We were once aggressively pitched to invest in a sports beverage firm. The frontman was a twitchy but smooth-talking CEO from Newport Beach, peddling an extraordinary story about explosive growth. The company – H2O Overdrive – was going to become the next Gatorade, and we had invest, and right now, or we’d miss it. Turns out, it was pure fiction. More on that in a moment.
Investment diligence is on our minds as nutty details emerge about the FTX collapse:
Sam Bankman-Fried playing League of Legends during a video call pitching investors. Sequoia wrote a fawning piece about the moment. It didn’t age well. (They’ve since deleted it but it’s still available on the wayback machine.) Highlights:
Suddenly, the chat window on Sequoia’s side of the Zoom lights up with partners freaking out.
- “I LOVE THIS FOUNDER,” typed one partner.
- “I am a 10 out of 10,” pinged another.
- “YES!!!” exclaimed a third.
Paying Tom Brady $55 million to do 60 hours of work.
Offering Donald Trump $5 billion not to run.
But perhaps most astonishing: SBF raised $1.9 billion in seven months – despite FTX being draped in red flags.
And that’s not just Monday morning quarterbacking. The flags were blindingly obvious at the time, not just in retrospect:
- The auditor for FTX when it raised at a $32B valuation: Prager Metis. Never heard of them? No one else had either.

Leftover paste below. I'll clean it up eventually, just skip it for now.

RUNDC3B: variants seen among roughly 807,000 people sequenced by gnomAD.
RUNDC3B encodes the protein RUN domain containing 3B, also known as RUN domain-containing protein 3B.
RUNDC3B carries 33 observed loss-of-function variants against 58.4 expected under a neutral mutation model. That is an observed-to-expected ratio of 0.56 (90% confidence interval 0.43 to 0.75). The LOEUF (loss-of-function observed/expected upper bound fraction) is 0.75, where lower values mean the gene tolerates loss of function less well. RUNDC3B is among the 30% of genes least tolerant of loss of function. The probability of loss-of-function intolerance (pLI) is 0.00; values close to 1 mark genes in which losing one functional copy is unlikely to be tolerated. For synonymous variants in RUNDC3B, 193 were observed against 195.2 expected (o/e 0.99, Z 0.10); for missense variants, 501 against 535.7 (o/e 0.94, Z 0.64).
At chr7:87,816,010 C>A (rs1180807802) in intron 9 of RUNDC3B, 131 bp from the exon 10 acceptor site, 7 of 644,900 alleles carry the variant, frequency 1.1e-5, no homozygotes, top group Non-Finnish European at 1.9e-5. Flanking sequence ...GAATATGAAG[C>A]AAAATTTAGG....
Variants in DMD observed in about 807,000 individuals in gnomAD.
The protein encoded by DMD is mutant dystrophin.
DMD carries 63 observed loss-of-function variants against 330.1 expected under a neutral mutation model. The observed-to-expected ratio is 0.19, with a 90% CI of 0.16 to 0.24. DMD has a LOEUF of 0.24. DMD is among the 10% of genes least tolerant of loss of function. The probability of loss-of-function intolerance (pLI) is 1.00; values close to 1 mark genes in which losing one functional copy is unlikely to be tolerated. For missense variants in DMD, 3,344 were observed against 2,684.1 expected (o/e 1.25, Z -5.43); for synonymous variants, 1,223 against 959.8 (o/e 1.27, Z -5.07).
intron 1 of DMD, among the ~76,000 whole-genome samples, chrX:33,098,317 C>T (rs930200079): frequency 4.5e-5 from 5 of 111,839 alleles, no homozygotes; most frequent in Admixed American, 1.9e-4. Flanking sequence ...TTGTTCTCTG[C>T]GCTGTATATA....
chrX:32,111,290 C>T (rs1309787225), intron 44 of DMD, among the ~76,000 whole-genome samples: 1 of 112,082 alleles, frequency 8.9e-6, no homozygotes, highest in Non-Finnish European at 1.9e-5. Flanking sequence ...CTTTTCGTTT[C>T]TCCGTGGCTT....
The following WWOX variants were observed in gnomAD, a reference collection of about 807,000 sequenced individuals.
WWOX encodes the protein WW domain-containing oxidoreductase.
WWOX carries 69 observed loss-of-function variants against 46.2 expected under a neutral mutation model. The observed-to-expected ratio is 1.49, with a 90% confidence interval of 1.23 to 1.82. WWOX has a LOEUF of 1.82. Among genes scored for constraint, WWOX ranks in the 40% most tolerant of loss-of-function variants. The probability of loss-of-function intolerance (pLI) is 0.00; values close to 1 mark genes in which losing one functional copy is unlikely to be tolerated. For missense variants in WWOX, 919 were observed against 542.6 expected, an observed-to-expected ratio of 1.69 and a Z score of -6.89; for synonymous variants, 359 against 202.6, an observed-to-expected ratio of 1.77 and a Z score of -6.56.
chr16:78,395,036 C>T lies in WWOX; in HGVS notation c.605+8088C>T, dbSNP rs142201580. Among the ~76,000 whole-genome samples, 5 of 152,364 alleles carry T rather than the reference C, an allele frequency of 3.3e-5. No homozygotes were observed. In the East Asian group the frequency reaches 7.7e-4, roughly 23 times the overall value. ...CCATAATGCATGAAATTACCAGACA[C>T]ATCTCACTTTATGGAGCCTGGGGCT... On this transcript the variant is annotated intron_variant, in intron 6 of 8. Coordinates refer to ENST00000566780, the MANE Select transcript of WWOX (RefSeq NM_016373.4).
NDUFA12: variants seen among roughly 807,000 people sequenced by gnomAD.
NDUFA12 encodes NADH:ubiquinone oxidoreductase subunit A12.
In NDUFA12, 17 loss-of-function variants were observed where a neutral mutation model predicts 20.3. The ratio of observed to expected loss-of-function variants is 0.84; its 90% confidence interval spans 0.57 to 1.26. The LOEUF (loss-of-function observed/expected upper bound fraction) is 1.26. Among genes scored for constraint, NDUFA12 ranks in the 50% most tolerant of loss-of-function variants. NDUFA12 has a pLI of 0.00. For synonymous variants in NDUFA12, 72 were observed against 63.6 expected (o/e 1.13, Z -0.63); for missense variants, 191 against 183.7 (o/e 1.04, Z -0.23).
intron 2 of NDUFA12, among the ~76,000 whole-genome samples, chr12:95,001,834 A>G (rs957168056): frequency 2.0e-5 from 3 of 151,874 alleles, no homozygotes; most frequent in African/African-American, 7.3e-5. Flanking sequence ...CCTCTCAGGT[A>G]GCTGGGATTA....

- The auditor for Alameda trading? The $14B firm didn’t have one.
- The directors on the FTX Board? Sam; an Antigua-based gaming lawyer; and an FTX employee SBF was unable to name (he described their job as being “just to DocuSign whatever.”) And…no one else. Even Temasek, the largest single investor, who stroked a $215mm check, didn’t have an observer seat, much less a Board seat.
FTX was later described by the bankruptcy trustee as showing “a complete failure of corporate controls and a complete absence of trustworthy financial information.” It seems that should have been patently obvious to anyone doing the most cursory diligence. Instead of spending time on diligence, investors wrote fawning hagiographies of SBF.
So why did they invest? The four horsemen of bad due diligence: Greed. FOMO. Social proof. Emotion.
FTX had it all. A glittering array of other check writers provided social “proof” that FTX was legit. NEA, IVP, Third Point Ventures, Tiger Global, Insight Partners, Sequoia Capital, SoftBank, Lightspeed Venture Partners, Temasek Holdings and BlackRock to name a few. If they’re in and you have doubts, there’s not something wrong with them. There’s something wrong with you.
That social proof fueled the FOMO. FTX’s valuation exploded to $32 billion in just 3 years. It’s going to the moon. How can you afford to miss out when everyone else was in?
As Sparkline Capital described it, “You get a bizarre f*cking process that does not look like the paragon of efficient markets that you might expect. VCs see what all their friends are chattering about, and their friends keep talking about this company…and they start FOMOing and then they find a way to get into that…”
FTX investors seemingly missed the most the basic form of diligence: Systems.